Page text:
Attorneys are going to focus on site owners with deep pockets. The larger you are, the bigger the target you become. While small sites are probably getting Halt and Desist letters, larger site owners are likely the ones getting the bills for usage of images mentioned in the articles.
I am thinking of one website specifically and the owner runs a non profit org for it. I was told when guest blogging that there were absolutely no restrictions and I would be able to copy and share anything as non profit orgs were supposedly protected from those suits.
If the forum is located in the US, it looks like you were misinformed or the forum owner was misinformed. bogart provided a link to the US copyright law fair use exceptions. US non-profits are not protected from copyright laws. Non-profit organizations are not necessarily charities and things like that. My homeowners' association is a non-profit organization, as are a lot of political organizations, trust funds, fraternal groups, etc.
Here is the entire US copyright law. I don't see anything that exempts non-profit organizations.
Whether or not a non-profit is exempt from copyright laws may depend upon which country they are located in. If they are located outside of the US, the legal protections could be different.
Got it, thanks. The question though is what this looks like in practice. Are non profits less targeted as it is easier for them to justify the fair use doctrine?
Historically, the fair use doctrine has entitled those with a legitimate purpose to reproduce portions of copyrighted works without being subject to copyright infringement action.The fair use doctrine has been widely used by non-profit organizations especially to protect their use of of copyright protected materials for educational and other purposes. Although the law is generally more generous concerning fair use with non-profit organizations, this does not grant free license for wholesale copying. With the increased presence of the Internet, this issue has become even more prominent.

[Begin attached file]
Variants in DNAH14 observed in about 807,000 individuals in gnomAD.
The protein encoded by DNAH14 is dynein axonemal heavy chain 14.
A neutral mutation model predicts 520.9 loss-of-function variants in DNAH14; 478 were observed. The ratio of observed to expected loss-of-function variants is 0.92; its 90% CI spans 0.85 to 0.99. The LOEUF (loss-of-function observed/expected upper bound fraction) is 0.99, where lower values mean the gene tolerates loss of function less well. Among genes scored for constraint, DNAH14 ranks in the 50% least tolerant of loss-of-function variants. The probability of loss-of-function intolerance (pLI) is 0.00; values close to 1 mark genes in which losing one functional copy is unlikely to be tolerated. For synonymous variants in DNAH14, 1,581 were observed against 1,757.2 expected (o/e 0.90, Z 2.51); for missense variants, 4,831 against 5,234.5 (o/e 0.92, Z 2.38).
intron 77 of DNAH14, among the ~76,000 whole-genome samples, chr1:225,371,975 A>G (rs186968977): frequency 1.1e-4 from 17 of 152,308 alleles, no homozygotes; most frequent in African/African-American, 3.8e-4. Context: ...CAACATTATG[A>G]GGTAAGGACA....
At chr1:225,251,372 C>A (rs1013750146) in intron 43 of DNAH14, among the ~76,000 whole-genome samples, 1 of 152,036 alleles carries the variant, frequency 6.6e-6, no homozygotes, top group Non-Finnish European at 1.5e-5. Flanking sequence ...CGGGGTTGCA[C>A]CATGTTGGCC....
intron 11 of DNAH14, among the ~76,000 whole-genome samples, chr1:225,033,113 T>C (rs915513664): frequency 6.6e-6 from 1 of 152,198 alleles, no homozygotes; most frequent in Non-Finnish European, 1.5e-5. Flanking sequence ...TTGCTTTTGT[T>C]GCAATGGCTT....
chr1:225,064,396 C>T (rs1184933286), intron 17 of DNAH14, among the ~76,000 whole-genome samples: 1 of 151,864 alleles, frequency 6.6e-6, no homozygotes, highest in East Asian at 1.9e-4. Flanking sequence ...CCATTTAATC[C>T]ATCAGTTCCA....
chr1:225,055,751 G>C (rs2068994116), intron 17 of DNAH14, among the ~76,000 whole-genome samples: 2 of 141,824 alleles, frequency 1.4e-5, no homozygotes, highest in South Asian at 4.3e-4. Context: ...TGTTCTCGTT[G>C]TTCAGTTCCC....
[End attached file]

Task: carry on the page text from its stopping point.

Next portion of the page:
Read more: For Profit Vs. Non-Profit Copyright Laws & Fair Use Issues | eHow.com For Profit Vs. Non-Profit Copyright Laws & Fair Use Issues | eHow.com
The important operational word is "portions." A portion with respect to content means "excerpt." That doesn't grant anyone the right to publish a copyrighted article in its entirety.
Non-profits may be getting away with a more liberal interpretation of the law because the generally do not fall into the "deep pockets" category of businesses and they may be using the materials for educational purposes. However, at least in the USA the forum owner that says he is protected from copyright suits is incorrect. If he created a digital copy of a Harry Potter book and made it available to his members, he could easily be sued for copyright infringement.
FYI. It looks like Google is still trying to settle the law suits that resulted from their blatant infringement of copyrights with their Google book scanning project. I don't know what made them think that they were somehow exempt from the law--or that authors and publishers would somehow agree with their plans.
AFP: Google, publishers near settlement in books case
Seems the law is so open for interpretation, public perception is the only compass on those suits.Quote:
Google opened a Google eBookstore in December, a venture that is separate from Google Books, which was launched in 2004 and has digitized over 15 million books from more than 100 countries.